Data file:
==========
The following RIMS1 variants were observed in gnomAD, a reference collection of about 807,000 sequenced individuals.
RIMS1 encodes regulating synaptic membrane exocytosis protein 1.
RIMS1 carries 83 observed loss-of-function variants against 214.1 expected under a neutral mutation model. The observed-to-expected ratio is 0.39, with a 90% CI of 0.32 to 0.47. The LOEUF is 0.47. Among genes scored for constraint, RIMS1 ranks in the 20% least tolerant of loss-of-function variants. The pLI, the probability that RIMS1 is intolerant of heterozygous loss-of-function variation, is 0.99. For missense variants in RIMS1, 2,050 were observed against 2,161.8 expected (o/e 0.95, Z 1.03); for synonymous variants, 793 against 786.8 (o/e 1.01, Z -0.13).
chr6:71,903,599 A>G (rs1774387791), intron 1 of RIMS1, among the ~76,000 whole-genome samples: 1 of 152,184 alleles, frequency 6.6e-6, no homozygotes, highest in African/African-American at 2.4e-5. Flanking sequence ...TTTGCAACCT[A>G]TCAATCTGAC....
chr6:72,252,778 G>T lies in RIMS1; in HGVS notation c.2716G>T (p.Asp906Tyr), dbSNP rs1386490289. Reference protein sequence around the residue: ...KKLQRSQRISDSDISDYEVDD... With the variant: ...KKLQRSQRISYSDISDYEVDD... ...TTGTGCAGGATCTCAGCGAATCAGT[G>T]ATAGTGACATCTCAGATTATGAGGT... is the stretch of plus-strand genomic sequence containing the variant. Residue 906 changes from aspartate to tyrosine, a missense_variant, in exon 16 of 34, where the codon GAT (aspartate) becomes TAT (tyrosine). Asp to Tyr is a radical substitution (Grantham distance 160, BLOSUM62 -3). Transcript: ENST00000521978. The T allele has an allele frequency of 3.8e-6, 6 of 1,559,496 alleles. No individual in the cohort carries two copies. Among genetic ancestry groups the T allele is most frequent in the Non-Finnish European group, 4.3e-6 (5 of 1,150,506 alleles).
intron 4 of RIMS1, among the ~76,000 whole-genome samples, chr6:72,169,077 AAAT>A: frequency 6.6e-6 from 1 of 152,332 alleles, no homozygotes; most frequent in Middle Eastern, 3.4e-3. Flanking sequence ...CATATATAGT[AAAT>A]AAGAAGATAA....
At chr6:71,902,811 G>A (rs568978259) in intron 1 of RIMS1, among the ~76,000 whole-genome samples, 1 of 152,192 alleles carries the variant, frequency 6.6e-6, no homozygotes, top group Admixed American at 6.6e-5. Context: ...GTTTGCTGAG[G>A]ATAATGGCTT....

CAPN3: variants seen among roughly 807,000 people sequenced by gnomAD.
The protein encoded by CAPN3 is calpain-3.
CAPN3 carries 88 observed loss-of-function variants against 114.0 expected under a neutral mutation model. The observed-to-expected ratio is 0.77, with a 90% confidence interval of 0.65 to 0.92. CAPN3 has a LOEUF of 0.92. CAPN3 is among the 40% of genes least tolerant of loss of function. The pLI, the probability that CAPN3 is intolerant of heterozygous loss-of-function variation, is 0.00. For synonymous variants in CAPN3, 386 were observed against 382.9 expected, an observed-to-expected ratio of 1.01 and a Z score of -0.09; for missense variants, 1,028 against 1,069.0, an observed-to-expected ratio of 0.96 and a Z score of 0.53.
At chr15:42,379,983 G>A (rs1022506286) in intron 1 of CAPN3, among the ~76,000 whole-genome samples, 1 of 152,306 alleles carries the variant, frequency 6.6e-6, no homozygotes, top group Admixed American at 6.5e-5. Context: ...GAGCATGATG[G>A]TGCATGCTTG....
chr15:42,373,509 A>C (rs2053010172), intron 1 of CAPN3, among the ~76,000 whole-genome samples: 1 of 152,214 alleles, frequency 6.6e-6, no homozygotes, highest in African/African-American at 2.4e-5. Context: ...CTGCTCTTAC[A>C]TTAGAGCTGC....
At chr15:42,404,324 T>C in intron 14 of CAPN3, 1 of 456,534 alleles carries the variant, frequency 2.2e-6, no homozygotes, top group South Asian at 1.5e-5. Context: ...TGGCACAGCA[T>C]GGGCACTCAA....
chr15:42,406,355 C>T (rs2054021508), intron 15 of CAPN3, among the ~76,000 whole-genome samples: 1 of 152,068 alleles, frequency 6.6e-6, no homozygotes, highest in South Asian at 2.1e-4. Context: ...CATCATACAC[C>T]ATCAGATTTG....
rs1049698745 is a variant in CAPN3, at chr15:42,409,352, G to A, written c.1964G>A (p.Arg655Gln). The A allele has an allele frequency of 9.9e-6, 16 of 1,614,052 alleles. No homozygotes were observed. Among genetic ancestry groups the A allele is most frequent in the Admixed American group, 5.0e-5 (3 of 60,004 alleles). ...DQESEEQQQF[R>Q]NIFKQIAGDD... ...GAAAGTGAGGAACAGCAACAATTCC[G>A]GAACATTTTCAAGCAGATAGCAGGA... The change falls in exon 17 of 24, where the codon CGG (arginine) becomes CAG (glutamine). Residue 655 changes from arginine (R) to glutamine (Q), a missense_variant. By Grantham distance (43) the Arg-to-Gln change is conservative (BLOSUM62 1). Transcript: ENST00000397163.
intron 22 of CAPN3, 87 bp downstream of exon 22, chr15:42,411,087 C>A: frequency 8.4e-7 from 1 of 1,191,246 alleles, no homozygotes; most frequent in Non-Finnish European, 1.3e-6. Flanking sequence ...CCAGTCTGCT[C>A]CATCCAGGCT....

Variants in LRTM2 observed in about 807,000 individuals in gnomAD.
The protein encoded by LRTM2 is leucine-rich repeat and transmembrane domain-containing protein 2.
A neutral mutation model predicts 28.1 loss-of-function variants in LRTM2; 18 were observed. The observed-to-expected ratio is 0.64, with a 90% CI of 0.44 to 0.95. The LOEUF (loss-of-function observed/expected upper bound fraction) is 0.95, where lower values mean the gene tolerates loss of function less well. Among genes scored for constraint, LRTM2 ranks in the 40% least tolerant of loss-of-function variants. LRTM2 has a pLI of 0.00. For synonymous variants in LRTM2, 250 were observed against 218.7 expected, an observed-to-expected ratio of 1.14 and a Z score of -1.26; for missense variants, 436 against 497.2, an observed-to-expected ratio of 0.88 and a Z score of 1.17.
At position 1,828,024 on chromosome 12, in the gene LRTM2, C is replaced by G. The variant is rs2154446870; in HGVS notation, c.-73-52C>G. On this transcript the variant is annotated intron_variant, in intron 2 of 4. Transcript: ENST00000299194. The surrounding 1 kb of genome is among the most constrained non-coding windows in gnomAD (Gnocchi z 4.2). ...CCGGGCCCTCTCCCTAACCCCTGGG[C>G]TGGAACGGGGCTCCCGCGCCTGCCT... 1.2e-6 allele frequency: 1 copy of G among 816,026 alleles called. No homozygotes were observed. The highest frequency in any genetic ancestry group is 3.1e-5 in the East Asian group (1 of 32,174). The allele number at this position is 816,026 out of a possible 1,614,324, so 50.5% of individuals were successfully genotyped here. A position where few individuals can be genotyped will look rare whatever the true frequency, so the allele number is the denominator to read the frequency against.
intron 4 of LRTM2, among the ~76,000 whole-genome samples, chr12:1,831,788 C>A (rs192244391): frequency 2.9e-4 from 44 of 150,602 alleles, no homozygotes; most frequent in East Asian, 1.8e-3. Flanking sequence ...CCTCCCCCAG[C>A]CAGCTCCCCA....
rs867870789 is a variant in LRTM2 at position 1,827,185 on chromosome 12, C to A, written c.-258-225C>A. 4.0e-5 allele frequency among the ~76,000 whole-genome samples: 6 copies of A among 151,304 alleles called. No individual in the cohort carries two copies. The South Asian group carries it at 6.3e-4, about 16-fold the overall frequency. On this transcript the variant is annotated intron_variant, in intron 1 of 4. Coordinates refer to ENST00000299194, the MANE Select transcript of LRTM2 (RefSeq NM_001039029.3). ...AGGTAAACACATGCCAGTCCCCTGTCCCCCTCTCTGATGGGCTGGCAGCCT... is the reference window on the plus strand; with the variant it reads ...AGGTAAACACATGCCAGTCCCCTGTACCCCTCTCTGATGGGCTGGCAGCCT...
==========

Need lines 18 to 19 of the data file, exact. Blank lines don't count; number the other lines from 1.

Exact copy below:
The protein encoded by LRTM2 is leucine-rich repeat and transmembrane domain-containing protein 2.
A neutral mutation model predicts 28.1 loss-of-function variants in LRTM2; 18 were observed. The observed-to-expected ratio is 0.64, with a 90% CI of 0.44 to 0.95. The LOEUF (loss-of-function observed/expected upper bound fraction) is 0.95, where lower values mean the gene tolerates loss of function less well. Among genes scored for constraint, LRTM2 ranks in the 40% least tolerant of loss-of-function variants. LRTM2 has a pLI of 0.00. For synonymous variants in LRTM2, 250 were observed against 218.7 expected, an observed-to-expected ratio of 1.14 and a Z score of -1.26; for missense variants, 436 against 497.2, an observed-to-expected ratio of 0.88 and a Z score of 1.17.